You will have gathered from many of my posts that I have some of the characteristics of a hermit. To me this is perfectly acceptable, and, for the sake of clarity, I think a distinction must be made between being a hermit and being a misanthrope. Although I prefer being alone, I actually like and am interested in people. Sometimes it even seems that a minor paradox exists in that I like people more than they like me. However, I have to admit that they wear on me quickly, and I must soon be on my way.

2 comments:

  1. This post was fun. Falling in the lake was amusing however I am sure at the time it was not and would be cold and upsetting. My daughter lives in Georgia and southern warmth really does exist. The last random thought…I just finished Gulliver's Travels and your adventures reminded me of Lemuel. In his last adventure he comes to prefer horses to people and he really did become misanthropic and quite mad. Your warm description of your friends is far from his lonely, miserable interpretation of humanity and I hope you go visit again if only for the (my) entertainment value.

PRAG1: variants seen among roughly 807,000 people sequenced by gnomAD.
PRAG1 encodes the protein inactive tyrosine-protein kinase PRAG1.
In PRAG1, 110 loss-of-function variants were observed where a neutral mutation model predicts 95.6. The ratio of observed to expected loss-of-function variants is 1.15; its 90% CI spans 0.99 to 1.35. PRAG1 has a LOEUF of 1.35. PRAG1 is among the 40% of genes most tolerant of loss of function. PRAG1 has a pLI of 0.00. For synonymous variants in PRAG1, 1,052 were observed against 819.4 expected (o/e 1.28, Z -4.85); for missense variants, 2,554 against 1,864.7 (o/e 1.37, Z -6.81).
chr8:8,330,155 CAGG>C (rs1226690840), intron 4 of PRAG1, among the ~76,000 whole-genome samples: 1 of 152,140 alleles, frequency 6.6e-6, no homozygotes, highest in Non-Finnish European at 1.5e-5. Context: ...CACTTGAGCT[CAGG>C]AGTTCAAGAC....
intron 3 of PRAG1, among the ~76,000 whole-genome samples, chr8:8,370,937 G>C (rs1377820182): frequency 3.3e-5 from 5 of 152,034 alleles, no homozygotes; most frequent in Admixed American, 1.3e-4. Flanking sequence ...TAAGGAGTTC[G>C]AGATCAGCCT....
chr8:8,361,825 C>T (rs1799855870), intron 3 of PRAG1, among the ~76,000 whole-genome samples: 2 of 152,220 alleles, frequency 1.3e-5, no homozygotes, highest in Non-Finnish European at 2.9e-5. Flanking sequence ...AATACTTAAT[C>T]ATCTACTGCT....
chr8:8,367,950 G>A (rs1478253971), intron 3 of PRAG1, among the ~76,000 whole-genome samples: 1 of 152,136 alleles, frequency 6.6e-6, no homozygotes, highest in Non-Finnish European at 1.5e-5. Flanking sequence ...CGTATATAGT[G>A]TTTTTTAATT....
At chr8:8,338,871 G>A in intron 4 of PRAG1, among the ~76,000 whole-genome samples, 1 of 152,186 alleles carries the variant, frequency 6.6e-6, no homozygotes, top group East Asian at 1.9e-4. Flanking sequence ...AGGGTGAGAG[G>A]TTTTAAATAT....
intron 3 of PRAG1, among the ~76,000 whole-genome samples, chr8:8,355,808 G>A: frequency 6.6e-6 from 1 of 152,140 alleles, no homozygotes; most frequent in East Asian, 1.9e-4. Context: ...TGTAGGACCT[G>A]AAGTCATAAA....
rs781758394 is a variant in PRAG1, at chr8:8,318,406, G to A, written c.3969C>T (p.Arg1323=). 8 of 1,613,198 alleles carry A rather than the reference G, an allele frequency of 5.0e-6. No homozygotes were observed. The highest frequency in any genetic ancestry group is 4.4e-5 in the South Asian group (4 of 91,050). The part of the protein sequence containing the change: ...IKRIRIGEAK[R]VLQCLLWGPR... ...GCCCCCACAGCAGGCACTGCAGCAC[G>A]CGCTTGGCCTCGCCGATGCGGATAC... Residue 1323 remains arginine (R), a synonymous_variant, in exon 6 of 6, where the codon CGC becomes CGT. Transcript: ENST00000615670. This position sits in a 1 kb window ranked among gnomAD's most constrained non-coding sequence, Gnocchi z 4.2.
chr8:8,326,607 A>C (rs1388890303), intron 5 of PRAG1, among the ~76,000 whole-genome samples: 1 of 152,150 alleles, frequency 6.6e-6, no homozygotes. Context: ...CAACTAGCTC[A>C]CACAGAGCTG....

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    1. I have to admit I don't get out much, so even when unpleasant surprises occur they can do me some good. Even so, I'm getting a little tired of Greg's family. I used to camp out in the woods there, and now we're all packed into the same little house with one bathroom. Greg isn't as much fun as he used to be due to health issues - he completely quit drinking!

      Yes, as I recall, Jonathan Swift was a bit of a misanthropist - a good writer, though. I'm in the process of getting rid of books that I'll never read again, and I'm keeping Gulliver's Travels.